Quick Picks 10 – Santa Ema Rivalta 2003

by Tim Elliott on December 19, 2008

Vina Santa Ema Rivalta 2003I’m back in action on the 4th anniversary of my first podcast with a high-end Carmenere-led blend from Chile.

Vina Santa Ema, “Rivalta” 2003 – ($68/sample) Dark purple in color with aromas of black currant, plum, blueberry, fennel, mint and vanilla. Rich and concentrated dark currant and blackberry fruit with black pepper and dark chocolate finishing with firm tannins. A delicious Carmenere-led blend that will age at least 4-6 more years.

13.8% ABV
Natural cork closure
Rating: ★★★★☆

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WBW 52: Chilean Value Reds

by Tim Elliott on December 10, 2008

It’s time for another Wine Blogging Wednesday, our virtual tasting now in it’s 52nd edition. This month, Tim from Cheap Wine Ratings is hosting and has chosen the theme of Value Reds from Chile. I go way back with reds from Chile but have not really tasted many in the past few years. As luck or fate would have it, the folks from the Wines of Chile organization had just sent a half case of Carménère samples so I was all set. Of these wines, two really stood out… a very complex and interesting blend for $68 and a straight-up Carménère for $19. I’ll be reviewing the latter tonight.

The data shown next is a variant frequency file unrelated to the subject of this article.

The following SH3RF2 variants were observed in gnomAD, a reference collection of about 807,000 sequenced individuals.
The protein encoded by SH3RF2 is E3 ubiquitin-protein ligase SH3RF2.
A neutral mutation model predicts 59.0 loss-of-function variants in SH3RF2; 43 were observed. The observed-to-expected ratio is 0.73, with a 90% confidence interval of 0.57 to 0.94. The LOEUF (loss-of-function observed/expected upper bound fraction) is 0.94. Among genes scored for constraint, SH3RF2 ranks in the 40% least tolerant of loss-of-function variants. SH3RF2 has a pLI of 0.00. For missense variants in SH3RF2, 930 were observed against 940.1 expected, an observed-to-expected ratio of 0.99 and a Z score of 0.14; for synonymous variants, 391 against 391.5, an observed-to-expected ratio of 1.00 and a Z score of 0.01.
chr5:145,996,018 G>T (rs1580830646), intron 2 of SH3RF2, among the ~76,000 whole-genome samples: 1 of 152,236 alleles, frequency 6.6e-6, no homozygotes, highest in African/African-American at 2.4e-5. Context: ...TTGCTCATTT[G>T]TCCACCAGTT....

Carménère has long been a favorite variety of mine and it’s not grown much outside of Chile. When you see it in Dry Creek Valley or Bordeaux, it’s almost always lost in Cabernet or Merlot-led blends. But in Chile, there are many examples of the grape on it’s own as is the case in my selection this evening.

One of the six permitted red varieties in Bordeaux, it’s not much planted there anymore due to it’s low production and late ripening. But in the 18th and 19th Century, Carménère was highly prized in this region of France and was exported to Chile before Phylloxera claimed most the vines in it’s home country. But the root louse never made it to Chile, in large part due the the barrier of the Andes Mountains. Until 1994 DNA typing, most Chilean Carménère was thought to be Merlot and many low-end Merlot from Chile today still have the tell-tale “gun metal” aromas of Carménère in the blend.